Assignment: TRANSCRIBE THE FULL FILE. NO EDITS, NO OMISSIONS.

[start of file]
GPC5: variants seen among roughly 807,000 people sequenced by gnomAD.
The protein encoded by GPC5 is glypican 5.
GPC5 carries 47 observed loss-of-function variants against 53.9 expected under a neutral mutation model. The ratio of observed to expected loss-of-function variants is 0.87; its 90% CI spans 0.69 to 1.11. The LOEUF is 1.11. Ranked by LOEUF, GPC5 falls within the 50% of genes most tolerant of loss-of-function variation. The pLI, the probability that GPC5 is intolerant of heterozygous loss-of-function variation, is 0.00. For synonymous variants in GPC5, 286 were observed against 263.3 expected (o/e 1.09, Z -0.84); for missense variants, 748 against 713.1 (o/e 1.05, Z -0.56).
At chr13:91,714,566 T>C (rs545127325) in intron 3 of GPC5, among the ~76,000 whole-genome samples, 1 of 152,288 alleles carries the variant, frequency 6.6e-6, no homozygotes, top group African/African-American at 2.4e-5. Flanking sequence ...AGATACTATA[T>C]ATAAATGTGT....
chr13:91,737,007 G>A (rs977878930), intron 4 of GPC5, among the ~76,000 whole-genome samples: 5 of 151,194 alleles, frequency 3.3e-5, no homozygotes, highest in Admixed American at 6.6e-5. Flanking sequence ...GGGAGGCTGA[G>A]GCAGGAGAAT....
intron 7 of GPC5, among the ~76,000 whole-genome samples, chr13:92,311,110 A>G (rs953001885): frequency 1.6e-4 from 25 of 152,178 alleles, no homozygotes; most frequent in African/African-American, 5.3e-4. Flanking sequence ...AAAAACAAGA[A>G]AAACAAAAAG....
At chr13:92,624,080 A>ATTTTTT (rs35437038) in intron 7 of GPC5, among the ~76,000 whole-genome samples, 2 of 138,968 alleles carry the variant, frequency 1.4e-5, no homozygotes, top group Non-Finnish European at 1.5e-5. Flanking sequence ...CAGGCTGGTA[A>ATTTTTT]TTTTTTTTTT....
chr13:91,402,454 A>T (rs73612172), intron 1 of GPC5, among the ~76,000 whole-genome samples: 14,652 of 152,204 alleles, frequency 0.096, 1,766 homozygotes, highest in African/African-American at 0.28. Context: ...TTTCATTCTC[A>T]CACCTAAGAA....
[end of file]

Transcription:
GPC5: variants seen among roughly 807,000 people sequenced by gnomAD.
The protein encoded by GPC5 is glypican 5.
GPC5 carries 47 observed loss-of-function variants against 53.9 expected under a neutral mutation model. The ratio of observed to expected loss-of-function variants is 0.87; its 90% CI spans 0.69 to 1.11. The LOEUF is 1.11. Ranked by LOEUF, GPC5 falls within the 50% of genes most tolerant of loss-of-function variation. The pLI, the probability that GPC5 is intolerant of heterozygous loss-of-function variation, is 0.00. For synonymous variants in GPC5, 286 were observed against 263.3 expected (o/e 1.09, Z -0.84); for missense variants, 748 against 713.1 (o/e 1.05, Z -0.56).
At chr13:91,714,566 T>C (rs545127325) in intron 3 of GPC5, among the ~76,000 whole-genome samples, 1 of 152,288 alleles carries the variant, frequency 6.6e-6, no homozygotes, top group African/African-American at 2.4e-5. Flanking sequence ...AGATACTATA[T>C]ATAAATGTGT....
chr13:91,737,007 G>A (rs977878930), intron 4 of GPC5, among the ~76,000 whole-genome samples: 5 of 151,194 alleles, frequency 3.3e-5, no homozygotes, highest in Admixed American at 6.6e-5. Flanking sequence ...GGGAGGCTGA[G>A]GCAGGAGAAT....
intron 7 of GPC5, among the ~76,000 whole-genome samples, chr13:92,311,110 A>G (rs953001885): frequency 1.6e-4 from 25 of 152,178 alleles, no homozygotes; most frequent in African/African-American, 5.3e-4. Flanking sequence ...AAAAACAAGA[A>G]AAACAAAAAG....
At chr13:92,624,080 A>ATTTTTT (rs35437038) in intron 7 of GPC5, among the ~76,000 whole-genome samples, 2 of 138,968 alleles carry the variant, frequency 1.4e-5, no homozygotes, top group Non-Finnish European at 1.5e-5. Flanking sequence ...CAGGCTGGTA[A>ATTTTTT]TTTTTTTTTT....
chr13:91,402,454 A>T (rs73612172), intron 1 of GPC5, among the ~76,000 whole-genome samples: 14,652 of 152,204 alleles, frequency 0.096, 1,766 homozygotes, highest in African/African-American at 0.28. Context: ...TTTCATTCTC[A>T]CACCTAAGAA....